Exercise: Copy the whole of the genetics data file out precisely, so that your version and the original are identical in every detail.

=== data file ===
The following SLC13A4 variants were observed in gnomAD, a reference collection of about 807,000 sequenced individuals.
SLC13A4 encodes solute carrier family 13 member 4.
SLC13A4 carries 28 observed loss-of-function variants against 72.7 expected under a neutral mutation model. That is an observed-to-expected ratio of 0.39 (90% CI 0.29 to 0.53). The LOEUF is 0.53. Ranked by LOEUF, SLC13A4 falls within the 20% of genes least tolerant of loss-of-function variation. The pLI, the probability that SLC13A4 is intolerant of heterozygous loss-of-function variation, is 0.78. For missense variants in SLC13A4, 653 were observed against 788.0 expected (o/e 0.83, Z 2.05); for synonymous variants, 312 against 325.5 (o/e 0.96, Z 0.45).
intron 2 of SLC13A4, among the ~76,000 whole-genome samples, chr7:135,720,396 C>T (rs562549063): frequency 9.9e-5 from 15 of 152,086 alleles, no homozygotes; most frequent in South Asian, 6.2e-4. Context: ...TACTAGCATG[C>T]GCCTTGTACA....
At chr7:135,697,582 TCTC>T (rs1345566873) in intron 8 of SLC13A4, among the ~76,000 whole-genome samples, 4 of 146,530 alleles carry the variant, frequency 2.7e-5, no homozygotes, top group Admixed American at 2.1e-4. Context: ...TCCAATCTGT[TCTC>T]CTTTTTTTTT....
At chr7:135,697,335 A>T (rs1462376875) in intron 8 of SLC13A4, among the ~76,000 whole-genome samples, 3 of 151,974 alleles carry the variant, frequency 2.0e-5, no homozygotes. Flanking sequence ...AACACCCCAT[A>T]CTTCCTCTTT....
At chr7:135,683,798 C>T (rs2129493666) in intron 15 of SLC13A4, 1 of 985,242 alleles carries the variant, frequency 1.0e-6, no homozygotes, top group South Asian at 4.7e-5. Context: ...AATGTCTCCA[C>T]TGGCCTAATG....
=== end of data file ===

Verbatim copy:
The following SLC13A4 variants were observed in gnomAD, a reference collection of about 807,000 sequenced individuals.
SLC13A4 encodes solute carrier family 13 member 4.
SLC13A4 carries 28 observed loss-of-function variants against 72.7 expected under a neutral mutation model. That is an observed-to-expected ratio of 0.39 (90% CI 0.29 to 0.53). The LOEUF is 0.53. Ranked by LOEUF, SLC13A4 falls within the 20% of genes least tolerant of loss-of-function variation. The pLI, the probability that SLC13A4 is intolerant of heterozygous loss-of-function variation, is 0.78. For missense variants in SLC13A4, 653 were observed against 788.0 expected (o/e 0.83, Z 2.05); for synonymous variants, 312 against 325.5 (o/e 0.96, Z 0.45).
intron 2 of SLC13A4, among the ~76,000 whole-genome samples, chr7:135,720,396 C>T (rs562549063): frequency 9.9e-5 from 15 of 152,086 alleles, no homozygotes; most frequent in South Asian, 6.2e-4. Context: ...TACTAGCATG[C>T]GCCTTGTACA....
At chr7:135,697,582 TCTC>T (rs1345566873) in intron 8 of SLC13A4, among the ~76,000 whole-genome samples, 4 of 146,530 alleles carry the variant, frequency 2.7e-5, no homozygotes, top group Admixed American at 2.1e-4. Context: ...TCCAATCTGT[TCTC>T]CTTTTTTTTT....
At chr7:135,697,335 A>T (rs1462376875) in intron 8 of SLC13A4, among the ~76,000 whole-genome samples, 3 of 151,974 alleles carry the variant, frequency 2.0e-5, no homozygotes. Flanking sequence ...AACACCCCAT[A>T]CTTCCTCTTT....
At chr7:135,683,798 C>T (rs2129493666) in intron 15 of SLC13A4, 1 of 985,242 alleles carries the variant, frequency 1.0e-6, no homozygotes, top group South Asian at 4.7e-5. Context: ...AATGTCTCCA[C>T]TGGCCTAATG....